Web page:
Today is the 9th day of the 9th month of the 9th year of this century, and as usual, our thoughts turn to gardening.
There are some interesting aspects to the number 9; some are curious, some are odd, and some are just too scary or way off topic for a lovely gardening blog. In fact if my garden sounded like the Beatle’s recording of Revolution 9, I think I’d move.
Fortunately, it doesn’t!
To commemorate this unusual date of 09-09-09, here are nine “to do” items that you might do to ensure your garden is “dressed to the nines” for Fall.
1. Weed. Always the weeding! They are always out there, hiding, lurking, storing up energy for winter. They love your garden best, don’t they? Pull those weeds out. Don’t let them set seed, don’t let them grow even deeper roots.
2. Mulch. Is there ever a “done” to mulching? My garden always seems to need mulch somewhere. Perhaps that is because I never seem to get it mulched all at once in the spring like some people do. So I’m scouting areas of the garden that could use a good measure of mulch going into fall and winter.
3. Edge. At night, while you sleep, your lawn creeps just a little further in to that flower bed you so carefully edged in the spring. I advise you to sleep with one eye open and to try to edge a bit before it gets really cold out there. Show your lawn that you mean business and you aren’t going to let it take over your flower beds.
4. Plant. Don’t give up gardening now! We all know fall is a good time to plant, so go buy some new plants and plant them. In this economy, I’ll bet your local garden center would appreciate the business, too. And a bonus is they probably won’t be that busy and will have time to answer your questions and show you the best plants they have.
5. Deadhead. It’s a balancing act out there in the garden. Should you leave the seed heads of perennials like Rudbeckia sp., Monarda sp., and Echinacea sp. for the birds to eat and to provide winter interest? Or should you deadhead them to avoid having them self sow all over the garden? Decide what you want for your garden and deadhead as you wish.
6. Order. It’s time to order bulbs for spring flowers. You know it is. Even the procrastinators are ordering their bulbs. Well, some of them are, others will just happen to see some bulbs at the big box store one day and buy a few on impulse. Those same people may or may not even plant those bulbs. Don’t be them. Order some bulbs now before the bulb companies are sold out of the bulbs you really want. Or get thee to your local garden center and check their bulb displays and buy some to plant later this fall.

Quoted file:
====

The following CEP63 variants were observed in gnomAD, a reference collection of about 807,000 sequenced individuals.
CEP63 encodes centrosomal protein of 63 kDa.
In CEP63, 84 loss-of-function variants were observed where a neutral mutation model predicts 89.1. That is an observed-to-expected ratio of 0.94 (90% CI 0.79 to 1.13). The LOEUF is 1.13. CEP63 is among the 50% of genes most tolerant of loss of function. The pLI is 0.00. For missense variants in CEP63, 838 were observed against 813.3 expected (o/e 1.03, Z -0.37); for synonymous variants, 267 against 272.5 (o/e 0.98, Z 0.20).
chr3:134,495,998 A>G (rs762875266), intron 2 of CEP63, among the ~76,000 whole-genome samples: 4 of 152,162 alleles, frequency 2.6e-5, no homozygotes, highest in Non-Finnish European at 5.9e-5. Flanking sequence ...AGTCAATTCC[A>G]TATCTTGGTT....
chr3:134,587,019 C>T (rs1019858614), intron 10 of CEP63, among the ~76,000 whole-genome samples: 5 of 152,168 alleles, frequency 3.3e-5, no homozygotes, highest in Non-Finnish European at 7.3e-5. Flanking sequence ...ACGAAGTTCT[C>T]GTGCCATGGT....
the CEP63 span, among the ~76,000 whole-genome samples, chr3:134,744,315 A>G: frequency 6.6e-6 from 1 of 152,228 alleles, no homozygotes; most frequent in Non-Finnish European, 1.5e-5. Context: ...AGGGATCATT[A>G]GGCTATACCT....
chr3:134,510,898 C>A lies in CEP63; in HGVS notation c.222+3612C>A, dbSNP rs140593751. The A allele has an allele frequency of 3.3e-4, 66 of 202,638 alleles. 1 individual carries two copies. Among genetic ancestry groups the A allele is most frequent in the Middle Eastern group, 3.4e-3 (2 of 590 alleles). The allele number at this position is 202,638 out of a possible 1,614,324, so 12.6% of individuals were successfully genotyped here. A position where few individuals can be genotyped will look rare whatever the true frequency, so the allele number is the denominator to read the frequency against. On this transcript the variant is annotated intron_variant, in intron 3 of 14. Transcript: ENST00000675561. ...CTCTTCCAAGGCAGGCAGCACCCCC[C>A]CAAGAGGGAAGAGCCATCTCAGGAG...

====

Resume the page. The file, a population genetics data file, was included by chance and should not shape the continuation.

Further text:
7. Seed. You’d better hurry because fall is the best time to overseed your lawn. Here in my zone 5 garden, September 15th is usually the last day to sow grass seed and still give it time to germinate and get established before it gets really cold and the lawn goes dormant. Hey, isn’t September 15th also the next Garden Bloggers’ Bloom Day? Why, yes it is!
8. Accessorize. I’m not referring to tacky Halloween decorations! Now is a good time to find some of those big containers and other garden décor items marked down for clearance at the end of the season. It wouldn’t hurt to go to the garden center and just look around, would it? Ha! We’re gardeners! We stop at the garden center at our own pocketbook’s risk knowing we’ll find something we have to have that we didn’t know about five minutes before we got there. Like bulbs (see above). But go anyway.
9. Enjoy. Yes, I know what Henry Mitchell wrote about Fall*, but it’s still good to take time to enjoy your garden in all seasons, including Fall. Otherwise, what’s the point of having a garden? To indulge our weeding compulsions?
And that’s nine things to do in the garden on the 9th day of the 9th month of the 9th year of this century.
“… but fall–not spring—is the great planting season for woody things. If, in other words, you had thought of lolling in the warm weekends admiring the chrysanthemums and the dogwoods turning red, congratulating yourself perhaps that the weeds are losing heart, let me cheerfully remind you that you should be exhausted (not lolling) since this is the busiest of all the garden seasons. When you are not planting bulbs, digging up bindweed roots, rooting out pokeweed, soaking bamboo, there are still other tasks. Thousands of them. You are terribly behind. The very idea of just sitting about in the sun!”